A Paris auction house. A million-dollar hammer price. An Age of Enlightenment Italian masterpiece gone missing. This might sound like the plot of the next Oceans movie, but it’s actually a 19-year, unsolved Upper West Side mystery.
On a warm spring day in April 2002, an 18th Century Stradivarius violin, created by master craftsman Antonio Stradivari, went missing from the showroom of a Lincoln Center area rare violin workshop and store, the NY Times reported at the time. It’s been missing since, despite a no-questions asked $100,000 reward, and investigations by both the NYPD’s Major Case Squad and renowned investigation company Kroll Inc.
Stradivari is believed to have crafted 1,116 instruments at his workshop in Cremona, Italy, a city in the Lombardy region. Out of all of his creations, 960 were violins – but only 244 remain, all of which have been given a name and often bear that of a previous owner. The golden brown Strad that went missing from local luthier Christophe Landon’s showroom in April 2002 is no exception.
Named after a Belgian violinist who owned it over 100 years ago, “Le Marien” was created at the height of Stradivari’s golden age in 1714. It was consigned for sale to Landon by Barrett Wissman, current chairman of IMG Artists, and went missing sometime during a 48-hour period without any sign of a break-in or lapse in the security system or showroom staffing.
The instrument was left on a table with seven or eight other violins for potential customers to inspect on April 9, 2002. Landon discovered Le Marien missing two days later. Unable to remember what he did with the Strad after removing it from his shop’s vault, Landon voluntarily subjected himself to hypnosis. However, this session yielded no clues.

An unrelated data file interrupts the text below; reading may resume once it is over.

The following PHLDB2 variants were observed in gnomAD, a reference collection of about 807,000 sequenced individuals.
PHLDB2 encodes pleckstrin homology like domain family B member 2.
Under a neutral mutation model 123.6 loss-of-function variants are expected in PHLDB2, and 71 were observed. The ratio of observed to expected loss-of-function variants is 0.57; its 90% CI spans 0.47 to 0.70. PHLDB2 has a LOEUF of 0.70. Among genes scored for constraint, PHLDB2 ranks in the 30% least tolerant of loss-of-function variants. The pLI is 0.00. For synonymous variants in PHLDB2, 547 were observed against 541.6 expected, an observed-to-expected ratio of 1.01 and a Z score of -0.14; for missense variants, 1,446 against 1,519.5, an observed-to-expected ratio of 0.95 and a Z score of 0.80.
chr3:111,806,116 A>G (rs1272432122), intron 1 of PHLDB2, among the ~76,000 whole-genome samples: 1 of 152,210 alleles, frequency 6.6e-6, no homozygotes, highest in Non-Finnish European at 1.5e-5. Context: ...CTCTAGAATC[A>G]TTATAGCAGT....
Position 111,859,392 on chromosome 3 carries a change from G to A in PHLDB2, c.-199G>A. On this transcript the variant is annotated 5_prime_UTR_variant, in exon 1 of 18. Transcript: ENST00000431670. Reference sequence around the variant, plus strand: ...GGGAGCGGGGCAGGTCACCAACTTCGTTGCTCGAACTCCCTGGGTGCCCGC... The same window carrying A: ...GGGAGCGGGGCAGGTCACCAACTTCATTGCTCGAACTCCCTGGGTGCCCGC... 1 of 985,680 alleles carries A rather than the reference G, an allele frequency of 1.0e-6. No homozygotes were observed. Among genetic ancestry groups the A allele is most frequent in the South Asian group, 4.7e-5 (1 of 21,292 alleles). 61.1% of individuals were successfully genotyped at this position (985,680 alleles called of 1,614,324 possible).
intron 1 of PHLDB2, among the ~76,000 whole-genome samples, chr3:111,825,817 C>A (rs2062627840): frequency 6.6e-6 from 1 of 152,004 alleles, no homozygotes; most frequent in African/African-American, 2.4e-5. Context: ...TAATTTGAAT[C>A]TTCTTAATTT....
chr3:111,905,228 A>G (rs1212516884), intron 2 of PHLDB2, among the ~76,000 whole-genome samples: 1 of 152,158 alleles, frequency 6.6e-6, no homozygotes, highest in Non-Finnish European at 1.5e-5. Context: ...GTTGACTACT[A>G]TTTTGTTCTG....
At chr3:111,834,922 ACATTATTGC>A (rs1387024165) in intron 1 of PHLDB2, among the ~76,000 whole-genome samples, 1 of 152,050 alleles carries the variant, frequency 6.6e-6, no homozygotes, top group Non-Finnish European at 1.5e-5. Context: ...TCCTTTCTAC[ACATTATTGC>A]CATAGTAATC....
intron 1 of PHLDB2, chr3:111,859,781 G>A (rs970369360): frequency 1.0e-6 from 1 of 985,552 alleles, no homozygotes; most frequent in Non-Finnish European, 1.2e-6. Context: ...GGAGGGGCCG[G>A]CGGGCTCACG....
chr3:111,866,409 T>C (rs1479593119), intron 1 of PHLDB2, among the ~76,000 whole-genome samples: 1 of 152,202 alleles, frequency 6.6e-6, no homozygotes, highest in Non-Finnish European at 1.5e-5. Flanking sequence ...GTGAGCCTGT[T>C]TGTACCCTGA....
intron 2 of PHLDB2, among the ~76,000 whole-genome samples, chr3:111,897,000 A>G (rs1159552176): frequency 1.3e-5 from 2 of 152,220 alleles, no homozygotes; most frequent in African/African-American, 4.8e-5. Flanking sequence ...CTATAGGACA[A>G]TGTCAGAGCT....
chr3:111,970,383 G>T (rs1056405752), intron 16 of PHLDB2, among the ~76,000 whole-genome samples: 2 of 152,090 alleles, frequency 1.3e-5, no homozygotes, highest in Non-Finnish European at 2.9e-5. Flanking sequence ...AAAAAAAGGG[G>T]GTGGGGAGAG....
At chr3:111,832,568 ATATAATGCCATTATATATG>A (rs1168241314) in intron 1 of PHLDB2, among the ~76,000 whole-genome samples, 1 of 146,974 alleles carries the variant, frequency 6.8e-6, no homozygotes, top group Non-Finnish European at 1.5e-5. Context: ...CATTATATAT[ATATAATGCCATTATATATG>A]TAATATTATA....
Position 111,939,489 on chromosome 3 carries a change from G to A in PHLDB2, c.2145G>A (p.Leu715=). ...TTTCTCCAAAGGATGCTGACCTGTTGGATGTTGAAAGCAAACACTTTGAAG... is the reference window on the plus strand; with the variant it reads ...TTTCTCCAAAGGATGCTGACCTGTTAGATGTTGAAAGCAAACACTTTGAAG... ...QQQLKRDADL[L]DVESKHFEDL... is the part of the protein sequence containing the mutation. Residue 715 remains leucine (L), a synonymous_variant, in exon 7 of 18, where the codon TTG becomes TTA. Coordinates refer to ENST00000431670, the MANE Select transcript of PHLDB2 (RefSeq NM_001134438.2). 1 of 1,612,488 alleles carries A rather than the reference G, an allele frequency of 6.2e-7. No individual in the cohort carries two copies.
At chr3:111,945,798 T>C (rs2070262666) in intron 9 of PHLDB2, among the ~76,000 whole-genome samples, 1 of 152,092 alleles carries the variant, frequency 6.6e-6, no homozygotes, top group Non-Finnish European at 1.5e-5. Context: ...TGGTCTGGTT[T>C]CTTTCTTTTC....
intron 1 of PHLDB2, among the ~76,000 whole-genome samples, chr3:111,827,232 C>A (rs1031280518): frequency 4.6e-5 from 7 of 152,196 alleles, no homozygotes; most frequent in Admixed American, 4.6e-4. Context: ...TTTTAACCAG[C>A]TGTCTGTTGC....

Le Marien, one of the rarest violins in the world, was sold in Paris, France to Landon on Wissman’s behalf by the Drouot auction house in 1998 for 5,600,000 French Frances, or approximately one million U.S. dollars. Landon likened Le Marien to a Rembrandt and valued it at $1.4 million. Despite its hefty price tag, Landon called it a lemon because it had a big hole in the middle and produced a less than pleasing sound.
Wissman disagreed with Landon’s estimate and believed the proper valuation was $4 million. Despite a July 2002 insurance payment to Wissman of $1.9 million, he sued Landon and his Upper West Side store in October 2002 for damages up to $4 million. Court documents from January 2003 show that the lawsuit was dismissed with prejudice after the parties “reached a settlement of all issues.”
At the time of this publication, Landon, Wissman, NYPD’s Major Crimes Unit, and Kroll Inc. could not be reached for comment.